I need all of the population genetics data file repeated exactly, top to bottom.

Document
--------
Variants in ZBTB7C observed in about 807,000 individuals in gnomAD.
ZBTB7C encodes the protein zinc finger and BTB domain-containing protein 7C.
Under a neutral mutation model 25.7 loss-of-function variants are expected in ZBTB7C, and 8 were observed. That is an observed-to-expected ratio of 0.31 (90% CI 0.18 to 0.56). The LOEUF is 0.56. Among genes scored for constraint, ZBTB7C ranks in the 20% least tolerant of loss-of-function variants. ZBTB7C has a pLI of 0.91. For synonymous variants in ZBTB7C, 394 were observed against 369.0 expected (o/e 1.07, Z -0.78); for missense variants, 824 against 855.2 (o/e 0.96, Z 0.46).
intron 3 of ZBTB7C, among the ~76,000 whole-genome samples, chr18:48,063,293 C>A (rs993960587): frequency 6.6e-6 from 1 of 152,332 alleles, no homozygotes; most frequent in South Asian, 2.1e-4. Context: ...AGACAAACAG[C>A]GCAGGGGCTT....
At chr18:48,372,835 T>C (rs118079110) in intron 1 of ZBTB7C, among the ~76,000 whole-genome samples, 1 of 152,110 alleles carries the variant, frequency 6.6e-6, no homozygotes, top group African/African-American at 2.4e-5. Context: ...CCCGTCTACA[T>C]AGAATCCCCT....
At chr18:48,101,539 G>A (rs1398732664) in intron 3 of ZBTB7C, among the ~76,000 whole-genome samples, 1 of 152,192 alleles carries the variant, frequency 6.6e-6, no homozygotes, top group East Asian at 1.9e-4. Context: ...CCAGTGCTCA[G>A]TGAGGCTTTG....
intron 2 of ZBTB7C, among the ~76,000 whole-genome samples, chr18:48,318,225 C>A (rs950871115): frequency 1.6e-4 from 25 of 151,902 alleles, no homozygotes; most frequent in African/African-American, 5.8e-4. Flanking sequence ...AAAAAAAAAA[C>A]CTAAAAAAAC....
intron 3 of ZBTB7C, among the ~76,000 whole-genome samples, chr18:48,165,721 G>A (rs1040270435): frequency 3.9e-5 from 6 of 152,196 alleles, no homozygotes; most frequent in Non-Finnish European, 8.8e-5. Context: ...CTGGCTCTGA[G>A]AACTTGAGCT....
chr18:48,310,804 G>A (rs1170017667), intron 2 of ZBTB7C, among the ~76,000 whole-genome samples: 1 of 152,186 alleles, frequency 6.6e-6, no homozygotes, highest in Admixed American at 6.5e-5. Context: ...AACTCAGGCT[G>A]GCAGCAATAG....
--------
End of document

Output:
Variants in ZBTB7C observed in about 807,000 individuals in gnomAD.
ZBTB7C encodes the protein zinc finger and BTB domain-containing protein 7C.
Under a neutral mutation model 25.7 loss-of-function variants are expected in ZBTB7C, and 8 were observed. That is an observed-to-expected ratio of 0.31 (90% CI 0.18 to 0.56). The LOEUF is 0.56. Among genes scored for constraint, ZBTB7C ranks in the 20% least tolerant of loss-of-function variants. ZBTB7C has a pLI of 0.91. For synonymous variants in ZBTB7C, 394 were observed against 369.0 expected (o/e 1.07, Z -0.78); for missense variants, 824 against 855.2 (o/e 0.96, Z 0.46).
intron 3 of ZBTB7C, among the ~76,000 whole-genome samples, chr18:48,063,293 C>A (rs993960587): frequency 6.6e-6 from 1 of 152,332 alleles, no homozygotes; most frequent in South Asian, 2.1e-4. Context: ...AGACAAACAG[C>A]GCAGGGGCTT....
At chr18:48,372,835 T>C (rs118079110) in intron 1 of ZBTB7C, among the ~76,000 whole-genome samples, 1 of 152,110 alleles carries the variant, frequency 6.6e-6, no homozygotes, top group African/African-American at 2.4e-5. Context: ...CCCGTCTACA[T>C]AGAATCCCCT....
At chr18:48,101,539 G>A (rs1398732664) in intron 3 of ZBTB7C, among the ~76,000 whole-genome samples, 1 of 152,192 alleles carries the variant, frequency 6.6e-6, no homozygotes, top group East Asian at 1.9e-4. Context: ...CCAGTGCTCA[G>A]TGAGGCTTTG....
intron 2 of ZBTB7C, among the ~76,000 whole-genome samples, chr18:48,318,225 C>A (rs950871115): frequency 1.6e-4 from 25 of 151,902 alleles, no homozygotes; most frequent in African/African-American, 5.8e-4. Flanking sequence ...AAAAAAAAAA[C>A]CTAAAAAAAC....
intron 3 of ZBTB7C, among the ~76,000 whole-genome samples, chr18:48,165,721 G>A (rs1040270435): frequency 3.9e-5 from 6 of 152,196 alleles, no homozygotes; most frequent in Non-Finnish European, 8.8e-5. Context: ...CTGGCTCTGA[G>A]AACTTGAGCT....
chr18:48,310,804 G>A (rs1170017667), intron 2 of ZBTB7C, among the ~76,000 whole-genome samples: 1 of 152,186 alleles, frequency 6.6e-6, no homozygotes, highest in Admixed American at 6.5e-5. Context: ...AACTCAGGCT[G>A]GCAGCAATAG....